Post something, dammit!
Posted by Trixter on March 17, 2007
That was the IM I got from a “friend” who shall remain “nameless” who was “unhappy” with the state of my “blog”. Fine, so I’ll post something, but for the record I have had excuses for not posting the last four weeks:
- Not losing weight, so that alone is depressing
- Went to GDC and was very sick the entire damn time (although I did have some good experiences; more on that later)
- Still sick 2.5 weeks later (yes, I’m seeing a doctor)
- Weathered a layoff storm at work, sometimes violent, sometimes petty
- Child problems at school
etc. etc. My life is actually quite privileged, and it sounds utterly ridiculous to complain, but I am human, which means I’m damaged, and this stuff affects me. I know it’s irrational. I’m sorry.
So, until I can lose some weight or report on some other stuff that is actually interesting to someone, I’m going to Post Something Dammit. Today’s PSD is on the topic of: 8088 CPU bugs. It’s time for some st00pid k0mp00ter history! Yes, the 8088 had bugs in the first iterations. Forget the Pentium FDIV bug; they’ve all had issues from day one :-) Two of the bugs were caught by Intel in 1982-ish, but not until 200,000 IBM PCs were sold. The third was fixed in the 80186.
The first two bugs involved interrupts and the stack. The first bug was that a MOV to SS (the stack segment) did not disable interrupts for the next instruction, meaning that you could get an interrupt in the middle. This is bad, because the interrupt will try to set up it’s own stack (something you were trying to do with the MOV SS!) and the stack is unlikely to recover, taking the machine with it. The workaround was this:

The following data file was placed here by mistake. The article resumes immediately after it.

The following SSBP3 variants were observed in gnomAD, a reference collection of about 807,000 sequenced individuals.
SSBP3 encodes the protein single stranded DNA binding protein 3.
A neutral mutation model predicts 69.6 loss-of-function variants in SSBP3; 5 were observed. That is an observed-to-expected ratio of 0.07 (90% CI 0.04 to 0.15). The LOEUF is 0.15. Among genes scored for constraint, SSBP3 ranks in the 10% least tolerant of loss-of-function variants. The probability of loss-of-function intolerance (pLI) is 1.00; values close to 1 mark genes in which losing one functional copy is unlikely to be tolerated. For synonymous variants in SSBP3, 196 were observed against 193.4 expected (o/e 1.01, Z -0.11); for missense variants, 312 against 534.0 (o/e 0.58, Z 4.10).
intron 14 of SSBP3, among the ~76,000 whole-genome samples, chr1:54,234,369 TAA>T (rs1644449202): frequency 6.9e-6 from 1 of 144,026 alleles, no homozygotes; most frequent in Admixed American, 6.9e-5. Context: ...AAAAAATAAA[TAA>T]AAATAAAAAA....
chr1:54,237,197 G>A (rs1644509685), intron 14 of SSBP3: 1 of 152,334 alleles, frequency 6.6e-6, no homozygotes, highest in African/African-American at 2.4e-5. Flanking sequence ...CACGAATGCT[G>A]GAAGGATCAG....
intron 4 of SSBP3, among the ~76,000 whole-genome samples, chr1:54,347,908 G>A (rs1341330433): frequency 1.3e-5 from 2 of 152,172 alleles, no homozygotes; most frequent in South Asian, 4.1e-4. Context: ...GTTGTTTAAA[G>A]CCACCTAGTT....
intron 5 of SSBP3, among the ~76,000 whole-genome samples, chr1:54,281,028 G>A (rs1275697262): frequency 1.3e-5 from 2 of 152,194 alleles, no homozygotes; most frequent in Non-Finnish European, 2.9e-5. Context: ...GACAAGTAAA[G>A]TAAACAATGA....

ie. disable interrupts before you do the switch, then re-enable them when done. Which sucks, but is a good practice that I would imagine most people were doing anyway because they didn’t know that MOV SS,reg was a special case that was supposed to disable interrupts. Hell, I didn’t even know that until I started researching the bug.
But not all was good in Intel land: If you didn’t know the state of the interrupt going in, then you were supposed to preserve it, like this:
MOV SP,word ptr [my_stack]
MOV SS,word ptr [my_stack+2]
…except there was a second bug in the original 8088 in the POPF opcode which meant that, even if the state was still CLI after the POPF, interrupts would still be enabled for a single cycle! Try tracking THAT bug down in your program! So the workaround, which is just st00pid, is to fake POPF using IRET. (BTW, the odds of this particular bug cropping up is somewhere in the neighborhood of 1 in 5 million, and only when you switch stacks, so it is such a longshot that I never bother in my own code.)
But wait, there’s more! There’s a third bug where, if you try to use a segment override on MOVS or LODS (ie. so you can attempt to use something other than DS as the source) and an interrupt fires off during, say, a REP MOVSW, it stores the wrong return address. This was fixed in the 80186… I think. Not sure. I’m not sure that behavior is even officially documented so I’ve never had the urge to try it.